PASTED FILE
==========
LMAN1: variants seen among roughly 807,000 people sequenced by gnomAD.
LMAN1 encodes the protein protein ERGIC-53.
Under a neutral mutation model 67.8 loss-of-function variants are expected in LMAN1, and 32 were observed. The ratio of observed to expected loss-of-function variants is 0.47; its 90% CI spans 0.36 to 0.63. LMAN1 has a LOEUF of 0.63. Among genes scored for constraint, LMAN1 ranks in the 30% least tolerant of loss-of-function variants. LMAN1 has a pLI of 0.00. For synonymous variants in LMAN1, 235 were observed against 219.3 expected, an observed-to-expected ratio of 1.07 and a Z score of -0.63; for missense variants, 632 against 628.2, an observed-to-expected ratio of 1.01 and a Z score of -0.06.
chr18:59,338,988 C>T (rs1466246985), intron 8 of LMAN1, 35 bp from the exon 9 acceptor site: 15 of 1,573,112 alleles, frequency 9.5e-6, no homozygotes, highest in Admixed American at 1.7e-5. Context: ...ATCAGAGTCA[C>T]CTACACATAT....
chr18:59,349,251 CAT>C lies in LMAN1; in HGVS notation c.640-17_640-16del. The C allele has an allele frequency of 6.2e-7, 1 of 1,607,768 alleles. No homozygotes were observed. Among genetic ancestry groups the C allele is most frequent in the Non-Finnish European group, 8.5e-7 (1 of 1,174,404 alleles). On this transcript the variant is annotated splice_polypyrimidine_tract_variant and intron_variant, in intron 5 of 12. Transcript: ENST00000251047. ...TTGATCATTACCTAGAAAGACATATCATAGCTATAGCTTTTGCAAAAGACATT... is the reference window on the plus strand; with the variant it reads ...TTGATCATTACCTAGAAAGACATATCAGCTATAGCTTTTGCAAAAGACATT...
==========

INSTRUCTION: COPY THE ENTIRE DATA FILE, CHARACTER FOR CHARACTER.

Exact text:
LMAN1: variants seen among roughly 807,000 people sequenced by gnomAD.
LMAN1 encodes the protein protein ERGIC-53.
Under a neutral mutation model 67.8 loss-of-function variants are expected in LMAN1, and 32 were observed. The ratio of observed to expected loss-of-function variants is 0.47; its 90% CI spans 0.36 to 0.63. LMAN1 has a LOEUF of 0.63. Among genes scored for constraint, LMAN1 ranks in the 30% least tolerant of loss-of-function variants. LMAN1 has a pLI of 0.00. For synonymous variants in LMAN1, 235 were observed against 219.3 expected, an observed-to-expected ratio of 1.07 and a Z score of -0.63; for missense variants, 632 against 628.2, an observed-to-expected ratio of 1.01 and a Z score of -0.06.
chr18:59,338,988 C>T (rs1466246985), intron 8 of LMAN1, 35 bp from the exon 9 acceptor site: 15 of 1,573,112 alleles, frequency 9.5e-6, no homozygotes, highest in Admixed American at 1.7e-5. Context: ...ATCAGAGTCA[C>T]CTACACATAT....
chr18:59,349,251 CAT>C lies in LMAN1; in HGVS notation c.640-17_640-16del. The C allele has an allele frequency of 6.2e-7, 1 of 1,607,768 alleles. No homozygotes were observed. Among genetic ancestry groups the C allele is most frequent in the Non-Finnish European group, 8.5e-7 (1 of 1,174,404 alleles). On this transcript the variant is annotated splice_polypyrimidine_tract_variant and intron_variant, in intron 5 of 12. Transcript: ENST00000251047. ...TTGATCATTACCTAGAAAGACATATCATAGCTATAGCTTTTGCAAAAGACATT... is the reference window on the plus strand; with the variant it reads ...TTGATCATTACCTAGAAAGACATATCAGCTATAGCTTTTGCAAAAGACATT...